To choose the right CMS for your team – and to avoid making mistakes, follow these 10 tips below:
1. Don’t build custom/in-house content management software
It is very enticing to believe that your team can build a custom CMS, including open source. However, we have never seen it work. No matter how much you plan for it, your team does not have the years of experience that lends a capable hand to handle many complexities that come with a CMS. The amount of developer support required in the long-term outweighs the cost of purchasing a CMS; and not to mention, custom builds are prone-to-fail.
2. Avoid heavy developer reliance
That is a recipe for disaster. Your development speed should not dictate your business moves. Make sure your content management solution enables your teams to focus on implementing campaigns and strategies that increase web traffic instead of spending excessive amounts of time on managing the technology.
3. Make sure your CMS is scalable
Scalability should come as a no-brainer. Change is inevitable for any growing business, and changes impact your websites. Make sure you choose a CMS solution that can quickly grow and scale as-needed.
4. Choose a CMS that supports omnichannel
Even if your business is currently only leveraging desktop or mobile sites, it’s important to consider other properties that you haven’t, yet, looked into, but could benefit from in the future. Currently, content exists in the form of AR/VR, mobile, kiosks, digital assistants, jumbotrons, and so on, and there is no sign of this slowing down in the future. Make sure you choose a CMS solution that is capable of supporting new channels when you’re ready.
5. Don’t limit your system to one code
No matter how great a content management system is, if there are no proper programmers available, it will fail. Many traditional CMS headaches stem from needing to hire resources that are highly specialized/skilled in a specific CMS infrastructure – this can be very limiting and create bottlenecks. Go for a system that allows your developers to utilize his strength and code in his preferred programming language.
6. Support is more important than software
A system could be everything you need, but if the platform team is not available to help you when you need help the most, it spells disaster for everyone. Finding a content management system that allows developers to work without disrupting the creation and management of content is sure to save your business time and money.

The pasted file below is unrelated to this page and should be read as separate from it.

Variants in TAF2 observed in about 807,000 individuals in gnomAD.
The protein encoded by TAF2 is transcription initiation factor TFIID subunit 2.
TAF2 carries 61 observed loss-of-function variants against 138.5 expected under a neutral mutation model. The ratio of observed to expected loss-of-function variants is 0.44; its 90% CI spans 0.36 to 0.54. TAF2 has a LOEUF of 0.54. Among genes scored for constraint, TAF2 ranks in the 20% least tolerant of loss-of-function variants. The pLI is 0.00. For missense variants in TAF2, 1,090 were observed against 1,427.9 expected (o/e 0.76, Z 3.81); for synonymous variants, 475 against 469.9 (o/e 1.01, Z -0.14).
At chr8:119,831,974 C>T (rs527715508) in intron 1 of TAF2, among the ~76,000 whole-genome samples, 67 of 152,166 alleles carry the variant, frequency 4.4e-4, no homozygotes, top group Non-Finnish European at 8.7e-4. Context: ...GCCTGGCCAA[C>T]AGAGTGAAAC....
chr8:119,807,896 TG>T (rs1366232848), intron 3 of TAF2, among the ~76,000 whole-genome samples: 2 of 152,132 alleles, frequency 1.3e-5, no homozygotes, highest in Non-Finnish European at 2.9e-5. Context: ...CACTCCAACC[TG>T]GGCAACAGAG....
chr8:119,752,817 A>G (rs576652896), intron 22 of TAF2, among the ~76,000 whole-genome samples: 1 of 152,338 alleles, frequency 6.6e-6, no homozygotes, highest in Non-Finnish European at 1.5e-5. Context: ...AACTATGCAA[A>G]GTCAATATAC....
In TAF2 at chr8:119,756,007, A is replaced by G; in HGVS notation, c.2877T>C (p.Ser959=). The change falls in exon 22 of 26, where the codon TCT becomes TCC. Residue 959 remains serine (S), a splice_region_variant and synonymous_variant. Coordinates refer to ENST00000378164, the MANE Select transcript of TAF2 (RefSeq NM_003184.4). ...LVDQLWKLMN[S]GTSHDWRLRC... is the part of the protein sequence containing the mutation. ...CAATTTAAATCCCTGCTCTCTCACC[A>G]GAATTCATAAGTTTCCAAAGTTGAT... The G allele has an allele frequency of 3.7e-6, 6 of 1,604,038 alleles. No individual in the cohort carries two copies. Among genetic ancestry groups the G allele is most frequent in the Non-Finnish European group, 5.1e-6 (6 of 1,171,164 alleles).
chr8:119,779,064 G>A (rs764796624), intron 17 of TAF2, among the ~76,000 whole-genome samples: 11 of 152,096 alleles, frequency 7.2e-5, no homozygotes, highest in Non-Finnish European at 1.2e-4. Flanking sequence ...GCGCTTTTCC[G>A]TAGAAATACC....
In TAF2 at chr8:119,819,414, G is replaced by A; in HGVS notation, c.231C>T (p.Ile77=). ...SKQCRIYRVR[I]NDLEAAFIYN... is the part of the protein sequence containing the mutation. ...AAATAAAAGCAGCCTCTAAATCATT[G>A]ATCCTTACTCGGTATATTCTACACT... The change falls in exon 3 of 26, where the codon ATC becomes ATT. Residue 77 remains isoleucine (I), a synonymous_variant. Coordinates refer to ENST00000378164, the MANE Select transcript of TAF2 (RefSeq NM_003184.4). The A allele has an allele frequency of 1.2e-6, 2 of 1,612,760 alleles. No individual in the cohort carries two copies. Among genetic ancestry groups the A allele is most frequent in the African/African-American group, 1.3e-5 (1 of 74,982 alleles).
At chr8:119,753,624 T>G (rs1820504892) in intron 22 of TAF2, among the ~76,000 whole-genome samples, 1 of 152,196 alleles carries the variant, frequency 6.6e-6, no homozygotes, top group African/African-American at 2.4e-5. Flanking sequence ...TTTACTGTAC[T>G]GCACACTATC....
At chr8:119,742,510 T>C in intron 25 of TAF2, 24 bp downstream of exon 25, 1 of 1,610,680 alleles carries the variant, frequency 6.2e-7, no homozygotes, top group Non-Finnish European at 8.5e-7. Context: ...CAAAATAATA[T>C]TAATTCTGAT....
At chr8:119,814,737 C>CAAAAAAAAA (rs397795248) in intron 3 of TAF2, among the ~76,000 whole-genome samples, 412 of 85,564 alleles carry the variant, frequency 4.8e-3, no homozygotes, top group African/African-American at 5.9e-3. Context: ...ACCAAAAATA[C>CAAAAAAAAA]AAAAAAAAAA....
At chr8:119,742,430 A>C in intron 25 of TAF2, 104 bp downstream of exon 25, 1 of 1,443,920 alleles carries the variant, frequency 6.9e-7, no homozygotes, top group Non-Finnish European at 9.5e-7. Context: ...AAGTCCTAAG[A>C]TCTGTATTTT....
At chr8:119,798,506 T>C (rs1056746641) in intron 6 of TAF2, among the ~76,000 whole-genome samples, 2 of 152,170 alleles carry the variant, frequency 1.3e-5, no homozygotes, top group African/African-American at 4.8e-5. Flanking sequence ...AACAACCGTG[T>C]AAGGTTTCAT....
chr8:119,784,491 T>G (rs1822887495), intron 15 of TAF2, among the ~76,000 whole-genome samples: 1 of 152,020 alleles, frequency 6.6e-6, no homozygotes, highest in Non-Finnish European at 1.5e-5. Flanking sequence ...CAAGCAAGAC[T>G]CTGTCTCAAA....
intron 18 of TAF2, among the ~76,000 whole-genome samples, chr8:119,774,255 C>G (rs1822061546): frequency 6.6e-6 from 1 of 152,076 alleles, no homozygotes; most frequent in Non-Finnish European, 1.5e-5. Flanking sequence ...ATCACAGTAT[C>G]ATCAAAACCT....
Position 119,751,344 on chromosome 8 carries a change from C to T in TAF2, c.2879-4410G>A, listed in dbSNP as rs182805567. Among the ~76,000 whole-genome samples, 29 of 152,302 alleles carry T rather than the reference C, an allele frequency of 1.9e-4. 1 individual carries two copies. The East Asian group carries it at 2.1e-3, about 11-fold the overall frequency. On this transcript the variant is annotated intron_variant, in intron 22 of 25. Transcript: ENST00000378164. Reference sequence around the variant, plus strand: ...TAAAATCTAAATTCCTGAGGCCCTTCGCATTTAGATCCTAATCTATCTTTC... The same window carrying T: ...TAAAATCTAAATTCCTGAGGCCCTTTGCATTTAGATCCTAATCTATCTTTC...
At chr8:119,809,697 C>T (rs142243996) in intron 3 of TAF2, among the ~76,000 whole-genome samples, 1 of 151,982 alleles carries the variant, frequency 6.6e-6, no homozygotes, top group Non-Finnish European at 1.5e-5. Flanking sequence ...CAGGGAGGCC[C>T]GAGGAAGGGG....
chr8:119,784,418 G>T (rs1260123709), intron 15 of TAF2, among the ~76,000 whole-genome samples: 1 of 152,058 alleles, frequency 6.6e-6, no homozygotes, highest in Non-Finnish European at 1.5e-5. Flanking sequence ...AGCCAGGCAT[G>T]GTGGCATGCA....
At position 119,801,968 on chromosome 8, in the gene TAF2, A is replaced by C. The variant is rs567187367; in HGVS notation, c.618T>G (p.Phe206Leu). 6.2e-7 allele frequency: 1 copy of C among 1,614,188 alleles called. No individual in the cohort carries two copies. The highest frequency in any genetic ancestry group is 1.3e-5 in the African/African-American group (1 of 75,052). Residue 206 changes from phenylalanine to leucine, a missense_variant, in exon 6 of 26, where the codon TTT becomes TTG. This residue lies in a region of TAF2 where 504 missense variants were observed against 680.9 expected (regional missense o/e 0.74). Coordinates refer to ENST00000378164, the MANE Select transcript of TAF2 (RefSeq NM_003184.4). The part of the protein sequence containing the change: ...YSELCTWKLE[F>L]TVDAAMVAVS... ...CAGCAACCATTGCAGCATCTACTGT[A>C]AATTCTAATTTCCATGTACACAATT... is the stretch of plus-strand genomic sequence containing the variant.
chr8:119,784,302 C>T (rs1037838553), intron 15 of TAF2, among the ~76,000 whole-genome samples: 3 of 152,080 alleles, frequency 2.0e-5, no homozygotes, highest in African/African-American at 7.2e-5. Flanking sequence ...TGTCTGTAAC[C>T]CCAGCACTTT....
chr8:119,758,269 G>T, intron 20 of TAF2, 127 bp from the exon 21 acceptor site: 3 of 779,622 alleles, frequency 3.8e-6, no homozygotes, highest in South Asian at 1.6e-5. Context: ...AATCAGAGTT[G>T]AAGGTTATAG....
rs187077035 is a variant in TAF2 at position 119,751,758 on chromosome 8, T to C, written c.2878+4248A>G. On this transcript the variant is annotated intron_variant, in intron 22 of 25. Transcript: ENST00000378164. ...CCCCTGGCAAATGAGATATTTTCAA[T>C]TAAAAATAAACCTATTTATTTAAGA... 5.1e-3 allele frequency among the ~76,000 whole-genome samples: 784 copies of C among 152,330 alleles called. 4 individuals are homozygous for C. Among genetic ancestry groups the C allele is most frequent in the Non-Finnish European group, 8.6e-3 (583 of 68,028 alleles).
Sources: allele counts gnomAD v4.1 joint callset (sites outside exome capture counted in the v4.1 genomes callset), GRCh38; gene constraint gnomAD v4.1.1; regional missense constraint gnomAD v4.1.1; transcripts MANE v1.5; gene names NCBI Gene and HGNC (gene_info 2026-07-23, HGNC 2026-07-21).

7. Be sure to test and get a proof-of-concept first
Before you roll out the CMS for your entire site, make sure to test the CMS and get a proof-of-concept. Implement a section of the website first and get team members and end-users to check everything from creating and authoring pages to establishing a workflow process. Testing mitigates many issues that may not have been apparent and saves you a lot of time and money.
8. Choose a UI that is intuitive
Having a user-friendly interface is especially important if you have a team that won’t be living in the system every day. They’ll need a solution that is easy-to-use, not require a lot of technical know-how or training, and can quickly pick it up when they log back in.
9. Make sure the CMS has APIs and supports integrations with other apps and microservices
Whether you want to incorporate personalization to your marketing strategy or want to get deep insights into your users’ web interactions and behaviors, businesses, like Partners and Marketing, require very different apps and microservices to manage their day-to-day work on the website. Marketing demands a solution that can easily integrate with marketing automation tool, business intelligence tool, Google Analytics, and RSS to deliver personalized content. Partners need to connect with devices like partner management platform, such as NetSuite, to better manage partner alliances. Pick a CMS solution, like a headless API-first CMS, that has robust APIs and lets you easily connect with third-party content management tools.
10. Visualize and organize your website correctly
One of the first things you should do when you’re implementing a new CMS or rolling out a redesign is to bring all of your stakeholders into a room and gather their input. Failing to plan is planning to fail. Half the battle is developing a well-thought-out content organization and taxonomy that helps your business meet its goals to succeed.